The highlight of Mongolia’s Northern provinces, an alpine region bordering the forests of Siberia, is the pristine Lake Khuvsgul, known as Mongolia’s “blue pearl.” Believed to be several million years old, Mongolia’s deepest freshwater lake is surrounded by dozens of small rivers and streams that empty into its waters, pristine taiga forest, and valleys and meadows rich with wildflowers. Northern Mongolia offers a chance to see a large population of reindeer. Among the nomadic peoples who inhabit Mongolia’s northern forests and steppe are the Tsaatan, members of a small Tuvanian ethnic group who have herded domesticated reindeer for centuries. The culture of these herdsmen has changed little since the Ice Age, and like many of Mongolia’s nomads, and particularly those in the north, shamanism plays an important role in their lives.
Places to visit: Pristine Lake Khuvsgul, Ancient Uushig deer stones, Amarbayasgalant monastery, Extinct volcano Uran mountain.
Activities: Horse riding, hiking, trekking, exploring pristine nature, fishing, kayaking, rafting, visiting to tsaatan(reindeer breeding) family, experiencing shamanism.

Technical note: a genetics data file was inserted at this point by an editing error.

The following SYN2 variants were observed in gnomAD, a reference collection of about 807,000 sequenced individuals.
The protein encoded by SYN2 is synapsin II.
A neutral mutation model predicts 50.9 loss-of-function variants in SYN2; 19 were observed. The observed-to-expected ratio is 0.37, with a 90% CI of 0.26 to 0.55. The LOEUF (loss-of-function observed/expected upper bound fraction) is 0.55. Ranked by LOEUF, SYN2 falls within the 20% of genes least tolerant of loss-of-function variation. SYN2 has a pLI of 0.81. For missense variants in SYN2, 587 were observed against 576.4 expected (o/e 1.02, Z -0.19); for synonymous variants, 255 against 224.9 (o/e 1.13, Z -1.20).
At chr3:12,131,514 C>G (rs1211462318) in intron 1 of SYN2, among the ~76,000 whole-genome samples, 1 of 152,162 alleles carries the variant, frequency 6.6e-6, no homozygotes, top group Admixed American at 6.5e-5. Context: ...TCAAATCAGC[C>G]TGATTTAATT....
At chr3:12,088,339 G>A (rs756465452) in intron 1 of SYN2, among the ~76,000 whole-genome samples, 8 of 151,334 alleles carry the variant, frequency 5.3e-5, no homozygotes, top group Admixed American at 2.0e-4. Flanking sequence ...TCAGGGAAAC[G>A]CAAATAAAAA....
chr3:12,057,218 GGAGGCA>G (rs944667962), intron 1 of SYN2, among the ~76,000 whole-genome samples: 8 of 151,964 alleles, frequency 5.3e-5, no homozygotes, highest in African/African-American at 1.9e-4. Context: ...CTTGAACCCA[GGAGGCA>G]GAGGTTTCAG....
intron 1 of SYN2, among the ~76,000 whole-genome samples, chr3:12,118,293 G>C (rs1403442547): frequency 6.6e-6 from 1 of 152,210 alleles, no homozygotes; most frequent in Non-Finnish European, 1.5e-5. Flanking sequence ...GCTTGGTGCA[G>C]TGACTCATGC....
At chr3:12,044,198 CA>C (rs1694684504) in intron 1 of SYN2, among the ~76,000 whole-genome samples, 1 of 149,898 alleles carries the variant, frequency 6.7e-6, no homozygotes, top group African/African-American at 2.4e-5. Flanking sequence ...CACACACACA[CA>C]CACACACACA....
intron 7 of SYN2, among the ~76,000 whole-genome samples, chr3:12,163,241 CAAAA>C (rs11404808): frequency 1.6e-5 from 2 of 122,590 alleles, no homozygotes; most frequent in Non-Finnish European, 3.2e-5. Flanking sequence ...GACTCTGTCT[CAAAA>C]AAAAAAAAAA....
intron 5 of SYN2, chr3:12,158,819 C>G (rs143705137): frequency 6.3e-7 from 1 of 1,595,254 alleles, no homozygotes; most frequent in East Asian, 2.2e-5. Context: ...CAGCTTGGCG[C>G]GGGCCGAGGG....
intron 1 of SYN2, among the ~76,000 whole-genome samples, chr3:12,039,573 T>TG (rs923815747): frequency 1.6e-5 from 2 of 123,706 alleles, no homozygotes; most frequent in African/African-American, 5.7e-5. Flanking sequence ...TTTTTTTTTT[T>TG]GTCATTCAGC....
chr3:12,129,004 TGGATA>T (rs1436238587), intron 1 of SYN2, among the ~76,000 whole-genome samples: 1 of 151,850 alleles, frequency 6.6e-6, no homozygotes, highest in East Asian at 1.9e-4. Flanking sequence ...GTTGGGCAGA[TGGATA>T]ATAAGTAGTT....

Try to imagine a 2760 sq km (1080 sq mi) alpine lake, with water so pure you can drink it. Then add dozens of 2000m (6560ft) mountains, thick pine forests and lush meadows with grazing yaks and horses, and you have a vague impression of Khuvsgul Lake, Mongolia's top scenic heart stopper. This is the deepest lake in Central Asia, with a maximum depth of 262metres and the world's 14th largest source of fresh water. Situated along the border with Russia, the lake is sacred to local Mongolians, who refer to it as 'mother'. It's full of fish and the area is home to wild sheep, ibex, bear and moose, as well as over 200 species of birds. Three separate peoples live in the area: Darkhad Mongols, Buryats and Tsaatan. It is impossible to imagine Mongolia without the uniquely magnificent and pristine land of Khuvsgul or Lake Khuvsgul. Lake Khuvsgul covers an area of 2760sq.km and exists at 1605 m above sea level. Its water is crystal clear and fresh.